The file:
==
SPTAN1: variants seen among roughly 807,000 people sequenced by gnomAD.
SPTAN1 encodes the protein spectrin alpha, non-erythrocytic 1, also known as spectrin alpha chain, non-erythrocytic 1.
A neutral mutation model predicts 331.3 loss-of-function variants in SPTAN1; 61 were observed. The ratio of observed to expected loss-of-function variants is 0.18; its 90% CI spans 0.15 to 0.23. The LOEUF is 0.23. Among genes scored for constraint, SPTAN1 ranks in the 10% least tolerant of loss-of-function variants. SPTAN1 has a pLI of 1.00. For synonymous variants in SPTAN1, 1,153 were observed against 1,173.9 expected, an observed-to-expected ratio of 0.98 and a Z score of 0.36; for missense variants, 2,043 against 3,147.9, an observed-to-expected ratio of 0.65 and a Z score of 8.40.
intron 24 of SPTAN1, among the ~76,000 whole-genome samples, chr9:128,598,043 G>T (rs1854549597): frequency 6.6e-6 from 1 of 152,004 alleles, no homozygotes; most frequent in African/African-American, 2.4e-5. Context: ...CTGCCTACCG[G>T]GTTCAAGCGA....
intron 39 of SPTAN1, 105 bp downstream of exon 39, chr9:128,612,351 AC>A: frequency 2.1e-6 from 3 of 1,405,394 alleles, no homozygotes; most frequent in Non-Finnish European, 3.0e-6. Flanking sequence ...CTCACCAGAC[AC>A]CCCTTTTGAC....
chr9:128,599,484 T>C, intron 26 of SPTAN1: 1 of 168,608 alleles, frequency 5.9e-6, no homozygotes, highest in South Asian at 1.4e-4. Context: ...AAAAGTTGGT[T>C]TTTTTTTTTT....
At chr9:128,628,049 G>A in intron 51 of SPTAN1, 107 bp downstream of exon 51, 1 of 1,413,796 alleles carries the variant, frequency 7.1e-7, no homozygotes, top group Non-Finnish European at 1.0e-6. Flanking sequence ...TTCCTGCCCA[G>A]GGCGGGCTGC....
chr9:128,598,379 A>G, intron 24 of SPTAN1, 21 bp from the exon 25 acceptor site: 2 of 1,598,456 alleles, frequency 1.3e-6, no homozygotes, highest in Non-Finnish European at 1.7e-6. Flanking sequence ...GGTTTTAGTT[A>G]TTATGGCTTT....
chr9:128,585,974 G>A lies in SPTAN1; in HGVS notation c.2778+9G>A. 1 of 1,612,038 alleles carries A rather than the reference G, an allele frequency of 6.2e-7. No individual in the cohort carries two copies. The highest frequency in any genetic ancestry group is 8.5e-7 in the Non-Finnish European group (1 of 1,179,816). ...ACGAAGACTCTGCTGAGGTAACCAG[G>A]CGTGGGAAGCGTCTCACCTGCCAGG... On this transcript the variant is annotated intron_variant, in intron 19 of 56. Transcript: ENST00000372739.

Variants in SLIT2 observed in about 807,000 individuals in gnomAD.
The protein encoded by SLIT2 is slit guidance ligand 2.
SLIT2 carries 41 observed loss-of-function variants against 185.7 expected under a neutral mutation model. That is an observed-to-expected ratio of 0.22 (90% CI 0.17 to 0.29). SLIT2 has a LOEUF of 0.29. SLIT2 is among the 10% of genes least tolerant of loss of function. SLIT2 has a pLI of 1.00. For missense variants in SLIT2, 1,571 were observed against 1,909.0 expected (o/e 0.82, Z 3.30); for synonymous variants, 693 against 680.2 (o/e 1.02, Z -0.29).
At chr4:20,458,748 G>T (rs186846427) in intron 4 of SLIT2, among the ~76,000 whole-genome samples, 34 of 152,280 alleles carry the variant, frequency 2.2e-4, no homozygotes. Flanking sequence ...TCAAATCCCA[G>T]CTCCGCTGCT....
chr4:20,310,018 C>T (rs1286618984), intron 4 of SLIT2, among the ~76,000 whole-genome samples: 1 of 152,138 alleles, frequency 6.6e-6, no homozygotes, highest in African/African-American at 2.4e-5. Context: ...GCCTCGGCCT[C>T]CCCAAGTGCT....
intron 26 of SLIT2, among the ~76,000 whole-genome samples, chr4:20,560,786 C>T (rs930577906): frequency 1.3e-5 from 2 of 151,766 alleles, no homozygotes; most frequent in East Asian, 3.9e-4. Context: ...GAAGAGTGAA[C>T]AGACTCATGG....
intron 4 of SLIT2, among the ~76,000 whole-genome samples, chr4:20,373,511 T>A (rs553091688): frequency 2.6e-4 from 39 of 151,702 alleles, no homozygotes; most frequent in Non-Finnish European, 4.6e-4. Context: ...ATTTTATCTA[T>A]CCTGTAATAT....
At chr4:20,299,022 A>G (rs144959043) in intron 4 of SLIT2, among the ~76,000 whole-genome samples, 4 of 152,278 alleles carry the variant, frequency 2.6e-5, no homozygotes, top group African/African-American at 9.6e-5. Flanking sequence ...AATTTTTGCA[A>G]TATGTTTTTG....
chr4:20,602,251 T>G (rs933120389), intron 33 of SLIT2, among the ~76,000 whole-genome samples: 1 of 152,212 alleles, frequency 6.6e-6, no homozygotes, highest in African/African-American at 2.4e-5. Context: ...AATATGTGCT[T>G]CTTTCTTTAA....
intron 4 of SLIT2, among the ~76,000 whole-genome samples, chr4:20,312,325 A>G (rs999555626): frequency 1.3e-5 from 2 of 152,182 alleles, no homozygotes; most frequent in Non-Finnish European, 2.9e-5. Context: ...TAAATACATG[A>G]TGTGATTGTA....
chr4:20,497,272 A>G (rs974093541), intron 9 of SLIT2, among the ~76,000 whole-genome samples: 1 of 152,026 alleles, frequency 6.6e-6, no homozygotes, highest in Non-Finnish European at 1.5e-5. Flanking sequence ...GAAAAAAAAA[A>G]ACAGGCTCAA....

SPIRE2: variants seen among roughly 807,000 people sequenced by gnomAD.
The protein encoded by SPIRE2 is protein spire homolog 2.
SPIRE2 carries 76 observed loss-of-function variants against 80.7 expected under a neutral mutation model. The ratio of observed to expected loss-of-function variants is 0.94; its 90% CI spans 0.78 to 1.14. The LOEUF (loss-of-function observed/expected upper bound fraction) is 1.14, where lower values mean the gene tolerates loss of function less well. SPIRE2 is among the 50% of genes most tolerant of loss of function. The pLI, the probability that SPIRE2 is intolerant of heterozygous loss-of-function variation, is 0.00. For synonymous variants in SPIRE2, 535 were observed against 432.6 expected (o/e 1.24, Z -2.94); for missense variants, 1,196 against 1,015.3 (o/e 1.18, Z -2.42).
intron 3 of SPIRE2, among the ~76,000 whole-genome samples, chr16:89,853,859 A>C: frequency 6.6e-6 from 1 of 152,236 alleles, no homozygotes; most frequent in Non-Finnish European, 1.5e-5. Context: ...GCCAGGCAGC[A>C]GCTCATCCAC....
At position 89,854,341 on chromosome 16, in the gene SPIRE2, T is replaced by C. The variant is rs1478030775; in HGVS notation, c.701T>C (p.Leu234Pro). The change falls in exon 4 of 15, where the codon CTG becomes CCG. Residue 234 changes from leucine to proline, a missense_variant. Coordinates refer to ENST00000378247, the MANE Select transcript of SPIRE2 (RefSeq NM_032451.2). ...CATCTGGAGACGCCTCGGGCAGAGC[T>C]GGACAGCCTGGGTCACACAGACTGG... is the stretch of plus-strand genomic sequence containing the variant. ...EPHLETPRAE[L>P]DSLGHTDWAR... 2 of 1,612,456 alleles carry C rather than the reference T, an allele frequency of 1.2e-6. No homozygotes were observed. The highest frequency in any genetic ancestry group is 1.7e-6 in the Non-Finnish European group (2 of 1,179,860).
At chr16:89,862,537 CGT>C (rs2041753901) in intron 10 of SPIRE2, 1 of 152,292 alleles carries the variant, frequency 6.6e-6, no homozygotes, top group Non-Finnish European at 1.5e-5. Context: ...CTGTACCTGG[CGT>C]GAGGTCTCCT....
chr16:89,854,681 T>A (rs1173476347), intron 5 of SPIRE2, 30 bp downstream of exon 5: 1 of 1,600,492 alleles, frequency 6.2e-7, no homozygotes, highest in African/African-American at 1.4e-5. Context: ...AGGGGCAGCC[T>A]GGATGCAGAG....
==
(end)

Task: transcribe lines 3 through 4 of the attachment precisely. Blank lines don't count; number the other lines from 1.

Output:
A neutral mutation model predicts 331.3 loss-of-function variants in SPTAN1; 61 were observed. The ratio of observed to expected loss-of-function variants is 0.18; its 90% CI spans 0.15 to 0.23. The LOEUF is 0.23. Among genes scored for constraint, SPTAN1 ranks in the 10% least tolerant of loss-of-function variants. SPTAN1 has a pLI of 1.00. For synonymous variants in SPTAN1, 1,153 were observed against 1,173.9 expected, an observed-to-expected ratio of 0.98 and a Z score of 0.36; for missense variants, 2,043 against 3,147.9, an observed-to-expected ratio of 0.65 and a Z score of 8.40.
intron 24 of SPTAN1, among the ~76,000 whole-genome samples, chr9:128,598,043 G>T (rs1854549597): frequency 6.6e-6 from 1 of 152,004 alleles, no homozygotes; most frequent in African/African-American, 2.4e-5. Context: ...CTGCCTACCG[G>T]GTTCAAGCGA....